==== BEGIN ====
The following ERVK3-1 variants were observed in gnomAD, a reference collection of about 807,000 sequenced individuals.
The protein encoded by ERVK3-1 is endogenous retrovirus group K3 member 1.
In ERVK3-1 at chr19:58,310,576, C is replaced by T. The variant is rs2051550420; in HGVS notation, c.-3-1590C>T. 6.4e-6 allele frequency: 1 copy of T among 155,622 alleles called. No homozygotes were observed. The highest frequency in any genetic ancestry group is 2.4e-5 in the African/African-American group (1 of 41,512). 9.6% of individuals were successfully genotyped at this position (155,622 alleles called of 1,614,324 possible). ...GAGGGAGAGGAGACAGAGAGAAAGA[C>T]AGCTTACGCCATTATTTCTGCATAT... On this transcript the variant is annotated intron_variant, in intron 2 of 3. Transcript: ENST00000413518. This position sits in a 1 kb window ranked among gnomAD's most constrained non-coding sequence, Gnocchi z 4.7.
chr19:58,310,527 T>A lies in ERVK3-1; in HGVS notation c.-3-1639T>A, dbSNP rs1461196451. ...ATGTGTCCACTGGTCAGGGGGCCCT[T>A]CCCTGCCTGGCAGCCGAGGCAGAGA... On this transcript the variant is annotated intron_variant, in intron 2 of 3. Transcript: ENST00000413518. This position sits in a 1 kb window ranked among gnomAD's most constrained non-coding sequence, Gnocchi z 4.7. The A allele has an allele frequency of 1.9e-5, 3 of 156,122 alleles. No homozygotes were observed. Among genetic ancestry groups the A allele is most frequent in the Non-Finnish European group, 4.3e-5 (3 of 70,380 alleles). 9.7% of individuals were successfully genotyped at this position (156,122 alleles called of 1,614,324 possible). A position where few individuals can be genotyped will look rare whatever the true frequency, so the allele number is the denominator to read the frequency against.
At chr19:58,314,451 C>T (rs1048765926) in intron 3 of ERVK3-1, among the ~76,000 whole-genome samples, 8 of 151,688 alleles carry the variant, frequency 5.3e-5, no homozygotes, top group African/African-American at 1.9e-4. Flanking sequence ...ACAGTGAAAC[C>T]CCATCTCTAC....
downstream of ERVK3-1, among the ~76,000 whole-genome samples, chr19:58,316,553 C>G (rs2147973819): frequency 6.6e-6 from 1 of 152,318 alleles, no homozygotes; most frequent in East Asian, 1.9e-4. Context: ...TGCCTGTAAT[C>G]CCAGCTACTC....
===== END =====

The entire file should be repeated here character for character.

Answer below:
The following ERVK3-1 variants were observed in gnomAD, a reference collection of about 807,000 sequenced individuals.
The protein encoded by ERVK3-1 is endogenous retrovirus group K3 member 1.
In ERVK3-1 at chr19:58,310,576, C is replaced by T. The variant is rs2051550420; in HGVS notation, c.-3-1590C>T. 6.4e-6 allele frequency: 1 copy of T among 155,622 alleles called. No homozygotes were observed. The highest frequency in any genetic ancestry group is 2.4e-5 in the African/African-American group (1 of 41,512). 9.6% of individuals were successfully genotyped at this position (155,622 alleles called of 1,614,324 possible). ...GAGGGAGAGGAGACAGAGAGAAAGA[C>T]AGCTTACGCCATTATTTCTGCATAT... On this transcript the variant is annotated intron_variant, in intron 2 of 3. Transcript: ENST00000413518. This position sits in a 1 kb window ranked among gnomAD's most constrained non-coding sequence, Gnocchi z 4.7.
chr19:58,310,527 T>A lies in ERVK3-1; in HGVS notation c.-3-1639T>A, dbSNP rs1461196451. ...ATGTGTCCACTGGTCAGGGGGCCCT[T>A]CCCTGCCTGGCAGCCGAGGCAGAGA... On this transcript the variant is annotated intron_variant, in intron 2 of 3. Transcript: ENST00000413518. This position sits in a 1 kb window ranked among gnomAD's most constrained non-coding sequence, Gnocchi z 4.7. The A allele has an allele frequency of 1.9e-5, 3 of 156,122 alleles. No homozygotes were observed. Among genetic ancestry groups the A allele is most frequent in the Non-Finnish European group, 4.3e-5 (3 of 70,380 alleles). 9.7% of individuals were successfully genotyped at this position (156,122 alleles called of 1,614,324 possible). A position where few individuals can be genotyped will look rare whatever the true frequency, so the allele number is the denominator to read the frequency against.
At chr19:58,314,451 C>T (rs1048765926) in intron 3 of ERVK3-1, among the ~76,000 whole-genome samples, 8 of 151,688 alleles carry the variant, frequency 5.3e-5, no homozygotes, top group African/African-American at 1.9e-4. Flanking sequence ...ACAGTGAAAC[C>T]CCATCTCTAC....
downstream of ERVK3-1, among the ~76,000 whole-genome samples, chr19:58,316,553 C>G (rs2147973819): frequency 6.6e-6 from 1 of 152,318 alleles, no homozygotes; most frequent in East Asian, 1.9e-4. Context: ...TGCCTGTAAT[C>G]CCAGCTACTC....